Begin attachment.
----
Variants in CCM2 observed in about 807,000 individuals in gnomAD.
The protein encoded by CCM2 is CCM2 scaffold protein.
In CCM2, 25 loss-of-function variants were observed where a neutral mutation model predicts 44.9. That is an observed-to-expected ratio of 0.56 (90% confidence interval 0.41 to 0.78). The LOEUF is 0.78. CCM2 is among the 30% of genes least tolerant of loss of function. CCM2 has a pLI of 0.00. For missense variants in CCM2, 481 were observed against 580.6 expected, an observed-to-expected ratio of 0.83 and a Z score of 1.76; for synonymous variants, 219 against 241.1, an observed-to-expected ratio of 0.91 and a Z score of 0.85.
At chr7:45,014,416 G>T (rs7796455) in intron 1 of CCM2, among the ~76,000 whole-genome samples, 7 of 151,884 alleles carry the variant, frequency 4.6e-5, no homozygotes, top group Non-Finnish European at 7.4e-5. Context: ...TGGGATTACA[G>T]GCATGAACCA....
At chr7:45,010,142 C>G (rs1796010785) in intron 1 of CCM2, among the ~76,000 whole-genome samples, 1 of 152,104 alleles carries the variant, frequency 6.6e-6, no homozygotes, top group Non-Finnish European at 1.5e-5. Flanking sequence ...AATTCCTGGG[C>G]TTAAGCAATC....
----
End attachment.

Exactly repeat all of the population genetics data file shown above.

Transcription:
Variants in CCM2 observed in about 807,000 individuals in gnomAD.
The protein encoded by CCM2 is CCM2 scaffold protein.
In CCM2, 25 loss-of-function variants were observed where a neutral mutation model predicts 44.9. That is an observed-to-expected ratio of 0.56 (90% confidence interval 0.41 to 0.78). The LOEUF is 0.78. CCM2 is among the 30% of genes least tolerant of loss of function. CCM2 has a pLI of 0.00. For missense variants in CCM2, 481 were observed against 580.6 expected, an observed-to-expected ratio of 0.83 and a Z score of 1.76; for synonymous variants, 219 against 241.1, an observed-to-expected ratio of 0.91 and a Z score of 0.85.
At chr7:45,014,416 G>T (rs7796455) in intron 1 of CCM2, among the ~76,000 whole-genome samples, 7 of 151,884 alleles carry the variant, frequency 4.6e-5, no homozygotes, top group Non-Finnish European at 7.4e-5. Context: ...TGGGATTACA[G>T]GCATGAACCA....
At chr7:45,010,142 C>G (rs1796010785) in intron 1 of CCM2, among the ~76,000 whole-genome samples, 1 of 152,104 alleles carries the variant, frequency 6.6e-6, no homozygotes, top group Non-Finnish European at 1.5e-5. Flanking sequence ...AATTCCTGGG[C>G]TTAAGCAATC....